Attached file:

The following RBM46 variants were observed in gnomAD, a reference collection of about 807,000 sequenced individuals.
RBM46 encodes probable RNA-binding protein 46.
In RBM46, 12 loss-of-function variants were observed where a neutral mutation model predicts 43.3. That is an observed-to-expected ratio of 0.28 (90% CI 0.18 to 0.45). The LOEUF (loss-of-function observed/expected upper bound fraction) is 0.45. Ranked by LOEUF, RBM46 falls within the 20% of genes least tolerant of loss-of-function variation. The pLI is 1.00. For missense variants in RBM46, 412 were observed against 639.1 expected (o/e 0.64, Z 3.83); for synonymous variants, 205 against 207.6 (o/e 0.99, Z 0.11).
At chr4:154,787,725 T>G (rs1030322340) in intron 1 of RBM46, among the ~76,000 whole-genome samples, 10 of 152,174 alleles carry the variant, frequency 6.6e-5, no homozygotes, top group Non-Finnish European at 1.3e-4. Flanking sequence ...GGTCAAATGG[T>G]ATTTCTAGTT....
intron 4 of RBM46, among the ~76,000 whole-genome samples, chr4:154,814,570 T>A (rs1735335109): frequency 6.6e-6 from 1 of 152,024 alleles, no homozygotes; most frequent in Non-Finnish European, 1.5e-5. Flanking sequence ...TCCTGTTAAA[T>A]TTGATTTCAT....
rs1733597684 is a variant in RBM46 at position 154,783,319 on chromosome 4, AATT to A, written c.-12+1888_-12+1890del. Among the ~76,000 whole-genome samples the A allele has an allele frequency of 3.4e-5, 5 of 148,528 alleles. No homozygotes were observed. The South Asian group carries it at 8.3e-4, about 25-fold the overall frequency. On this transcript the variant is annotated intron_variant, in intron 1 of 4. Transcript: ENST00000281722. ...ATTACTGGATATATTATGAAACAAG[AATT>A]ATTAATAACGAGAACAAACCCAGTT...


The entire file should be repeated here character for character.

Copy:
The following RBM46 variants were observed in gnomAD, a reference collection of about 807,000 sequenced individuals.
RBM46 encodes probable RNA-binding protein 46.
In RBM46, 12 loss-of-function variants were observed where a neutral mutation model predicts 43.3. That is an observed-to-expected ratio of 0.28 (90% CI 0.18 to 0.45). The LOEUF (loss-of-function observed/expected upper bound fraction) is 0.45. Ranked by LOEUF, RBM46 falls within the 20% of genes least tolerant of loss-of-function variation. The pLI is 1.00. For missense variants in RBM46, 412 were observed against 639.1 expected (o/e 0.64, Z 3.83); for synonymous variants, 205 against 207.6 (o/e 0.99, Z 0.11).
At chr4:154,787,725 T>G (rs1030322340) in intron 1 of RBM46, among the ~76,000 whole-genome samples, 10 of 152,174 alleles carry the variant, frequency 6.6e-5, no homozygotes, top group Non-Finnish European at 1.3e-4. Flanking sequence ...GGTCAAATGG[T>G]ATTTCTAGTT....
intron 4 of RBM46, among the ~76,000 whole-genome samples, chr4:154,814,570 T>A (rs1735335109): frequency 6.6e-6 from 1 of 152,024 alleles, no homozygotes; most frequent in Non-Finnish European, 1.5e-5. Flanking sequence ...TCCTGTTAAA[T>A]TTGATTTCAT....
rs1733597684 is a variant in RBM46 at position 154,783,319 on chromosome 4, AATT to A, written c.-12+1888_-12+1890del. Among the ~76,000 whole-genome samples the A allele has an allele frequency of 3.4e-5, 5 of 148,528 alleles. No homozygotes were observed. The South Asian group carries it at 8.3e-4, about 25-fold the overall frequency. On this transcript the variant is annotated intron_variant, in intron 1 of 4. Transcript: ENST00000281722. ...ATTACTGGATATATTATGAAACAAG[AATT>A]ATTAATAACGAGAACAAACCCAGTT...